Photos from the summer of 1928, from my Great Aunt Lily’s album. She was born on the 20th August 1902 and so is nearly 26 in the four pictures in which she appears. Which are the one with the gentleman friend, the one on the beach with the young lady friend, the one in a quartet aseat on a wall and the one with a gentleman friend on what looks to be a rather dreary day in July,
Archive for Non Fiction
Here’s a picture – and we know the date it was taken because it helpfully says so in the album whence it was scanned – of a swimming gala held at Tynemouth Pool on the 4th of August 1928. It was probably taken by one of my great aunts or uncles. Maybe Ethel, maybe Lily. or maybe even by their brother Henry my grandfather. We just don’t know.
On the back of this photo is noted Saltwell Park, Bank Holiday 1956 – when the subject was four months old. From this scrap of information (assuming it’s correct) we discover – with a little help from google (date of aug bank holiday 1956) and a handy website, that it was August 6, 1956. If anything untoward happened on that day at least this kid has an alibi for part of it.
Here’s what the day was like (and I quote):
Notably cold, with severe thunderstorms for some.
The weather pattern was very disturbed. Bank Holiday Monday was a notably poor day – regarded at the time as ‘one of the worst on record’! The day was dominated by a cool northerly airflow (though it’s strength had eased from the previous days). There were some spectacular (& slow-moving) thunderstorms, with large hail and some 4ft (over 1m) of water causing flooding in Tunbridge Wells (Kent). The storm started mid-morning, with heavy rain and the hail started just before midday. At one point, the centre of the town was buried under a foot (~30cm) of hail-ice, with drifts of hailstones up to 4ft (~1m) deep. In other areas, 62mm of rain fell in one hour at Swanage (Dorset) & Arundel (Sussex); 80mm of rain at Faversham (Kent). The midday temperature in central London was just 13degC (c.f. the average day maximum of 22degC). On this measure, it was regarded as the coldest Bank Holiday Monday in the capital since 1880. [ This August was one of the coldest and wettest of the 20th century. ]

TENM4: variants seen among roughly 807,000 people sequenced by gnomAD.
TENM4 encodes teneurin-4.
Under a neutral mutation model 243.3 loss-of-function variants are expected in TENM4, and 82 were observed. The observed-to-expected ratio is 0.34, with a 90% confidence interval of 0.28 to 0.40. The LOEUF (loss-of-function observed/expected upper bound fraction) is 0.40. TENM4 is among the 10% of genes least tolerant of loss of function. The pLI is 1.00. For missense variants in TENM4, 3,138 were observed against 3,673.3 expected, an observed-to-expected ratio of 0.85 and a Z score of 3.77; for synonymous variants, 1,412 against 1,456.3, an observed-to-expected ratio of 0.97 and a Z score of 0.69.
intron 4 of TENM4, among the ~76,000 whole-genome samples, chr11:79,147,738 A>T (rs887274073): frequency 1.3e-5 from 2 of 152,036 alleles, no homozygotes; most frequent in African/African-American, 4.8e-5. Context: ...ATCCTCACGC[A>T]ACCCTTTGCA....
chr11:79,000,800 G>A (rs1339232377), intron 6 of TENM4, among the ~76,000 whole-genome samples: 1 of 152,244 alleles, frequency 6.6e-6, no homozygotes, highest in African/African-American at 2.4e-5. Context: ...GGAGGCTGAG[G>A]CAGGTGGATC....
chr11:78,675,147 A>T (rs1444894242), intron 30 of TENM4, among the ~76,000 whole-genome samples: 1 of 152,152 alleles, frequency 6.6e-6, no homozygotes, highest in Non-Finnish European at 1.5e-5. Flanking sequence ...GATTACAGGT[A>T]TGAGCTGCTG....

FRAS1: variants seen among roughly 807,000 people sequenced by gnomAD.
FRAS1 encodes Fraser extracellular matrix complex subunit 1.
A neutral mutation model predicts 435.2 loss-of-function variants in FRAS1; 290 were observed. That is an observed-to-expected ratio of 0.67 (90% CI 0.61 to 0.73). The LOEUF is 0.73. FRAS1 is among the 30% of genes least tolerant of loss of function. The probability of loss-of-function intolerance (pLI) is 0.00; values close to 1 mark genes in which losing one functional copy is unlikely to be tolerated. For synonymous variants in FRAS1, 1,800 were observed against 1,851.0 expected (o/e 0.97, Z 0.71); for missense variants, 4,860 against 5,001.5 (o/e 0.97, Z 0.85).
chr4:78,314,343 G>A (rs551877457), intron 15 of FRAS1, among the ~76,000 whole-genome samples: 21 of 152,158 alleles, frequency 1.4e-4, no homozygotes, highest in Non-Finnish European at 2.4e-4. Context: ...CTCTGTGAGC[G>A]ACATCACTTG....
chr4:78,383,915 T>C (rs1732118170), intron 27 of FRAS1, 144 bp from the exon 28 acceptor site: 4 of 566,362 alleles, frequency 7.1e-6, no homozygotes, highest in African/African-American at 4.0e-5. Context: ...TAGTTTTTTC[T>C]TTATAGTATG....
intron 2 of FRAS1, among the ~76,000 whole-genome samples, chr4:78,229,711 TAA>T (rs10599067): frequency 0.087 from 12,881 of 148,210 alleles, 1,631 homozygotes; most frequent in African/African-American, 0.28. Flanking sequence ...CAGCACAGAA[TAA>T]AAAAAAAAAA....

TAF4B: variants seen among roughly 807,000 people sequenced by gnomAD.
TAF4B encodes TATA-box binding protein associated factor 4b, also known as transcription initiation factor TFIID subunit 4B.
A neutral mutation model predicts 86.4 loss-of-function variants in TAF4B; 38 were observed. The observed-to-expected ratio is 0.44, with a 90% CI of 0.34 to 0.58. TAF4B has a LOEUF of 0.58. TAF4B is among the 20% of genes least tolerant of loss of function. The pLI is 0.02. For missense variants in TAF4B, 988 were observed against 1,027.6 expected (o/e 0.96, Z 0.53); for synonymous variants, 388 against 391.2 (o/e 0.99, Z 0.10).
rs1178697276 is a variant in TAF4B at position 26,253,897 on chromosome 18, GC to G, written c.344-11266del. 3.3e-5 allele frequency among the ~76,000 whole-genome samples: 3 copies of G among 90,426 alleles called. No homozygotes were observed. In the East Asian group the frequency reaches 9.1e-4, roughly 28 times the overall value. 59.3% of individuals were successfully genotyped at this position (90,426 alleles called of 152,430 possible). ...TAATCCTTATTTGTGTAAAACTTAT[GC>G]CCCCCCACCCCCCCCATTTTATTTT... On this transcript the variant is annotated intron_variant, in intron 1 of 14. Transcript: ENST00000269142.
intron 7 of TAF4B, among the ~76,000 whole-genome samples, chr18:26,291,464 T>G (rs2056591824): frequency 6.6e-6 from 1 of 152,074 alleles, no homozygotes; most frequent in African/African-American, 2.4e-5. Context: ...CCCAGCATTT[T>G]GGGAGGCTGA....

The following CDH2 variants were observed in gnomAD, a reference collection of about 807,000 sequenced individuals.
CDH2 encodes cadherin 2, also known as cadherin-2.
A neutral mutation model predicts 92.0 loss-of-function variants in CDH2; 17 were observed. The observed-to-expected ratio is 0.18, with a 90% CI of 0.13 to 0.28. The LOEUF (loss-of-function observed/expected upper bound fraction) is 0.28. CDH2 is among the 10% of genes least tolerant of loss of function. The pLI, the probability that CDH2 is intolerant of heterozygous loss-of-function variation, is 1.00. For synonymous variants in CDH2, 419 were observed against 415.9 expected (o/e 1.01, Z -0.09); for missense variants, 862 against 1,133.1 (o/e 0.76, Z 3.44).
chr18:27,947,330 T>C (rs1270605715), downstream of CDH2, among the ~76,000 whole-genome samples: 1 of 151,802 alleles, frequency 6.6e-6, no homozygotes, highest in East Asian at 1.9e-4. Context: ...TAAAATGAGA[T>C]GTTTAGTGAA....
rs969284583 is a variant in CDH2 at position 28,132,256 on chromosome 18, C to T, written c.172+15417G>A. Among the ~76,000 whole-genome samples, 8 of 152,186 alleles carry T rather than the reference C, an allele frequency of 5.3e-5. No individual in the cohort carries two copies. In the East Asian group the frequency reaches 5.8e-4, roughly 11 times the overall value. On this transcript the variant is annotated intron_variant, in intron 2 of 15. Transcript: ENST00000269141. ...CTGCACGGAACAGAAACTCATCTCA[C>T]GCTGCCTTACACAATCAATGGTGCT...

But meanwhile, up in the north, maybe the weather wasn’t quite so bad?
It’s also (moderately) interesting that the August Bank Holidays back then were at the beginning of the month rather than, as now, at the end.
So this woman is standing with a clipboard inside the shop, which is Maplin’s, and I’m on my way out and I haven’t bought anything (but she wouldn’t necessarily know that) and she asks (yes she does), like, “Would you mind taking part in a survey?” and I say “It’s ninety pounds an hour” and she laughs and says “No thanks” and lets me go without further ado.
Are you annoyed when somebody says “no problem” to you after you’ve responded with the lack of interest due to that unsolicited offer they’ve just made you? Do your eyes moisten with despair when your ordinary request – at premises specifically there to service that request – is greeted with “no problem”? Is your gast flabbered that anybody who says “no problem” to you under such circumstances does not know how rib-tighteningly inappropriate such a remark is?
Do you want to ask such people “Why would it be a problem for you to solicit my attention for something you provide in which I’ve …” either (a) no interest, or (b) an interest. Or – more briefly – “What the hell’s wrong with you?”.
If so, then you may want to calm down a bit. The phenomenon doesn’t seem to be going away any time soon, and may even be growing.
People can be shot down. Cities can be burned or gassed. Entire ethnic groups can be destroyed. But an idea, when spread far and wide, can set fire and spread without caring who or what is in its way.
Ideas, when supported by enough people, and spoken loud enough, can change the world.
Speak out, violently if need be.
Never stop the spread of ideas.
It may be the only thing we’ll have left.
Which may take us to the close of Brecht’s ‘To Those Born Later’:
“… Oh, we
Who wanted to prepare the ground for friendliness
Could not ourselves be friendly.
But you, when the time comes at last
And man is a helper to man,
Think of us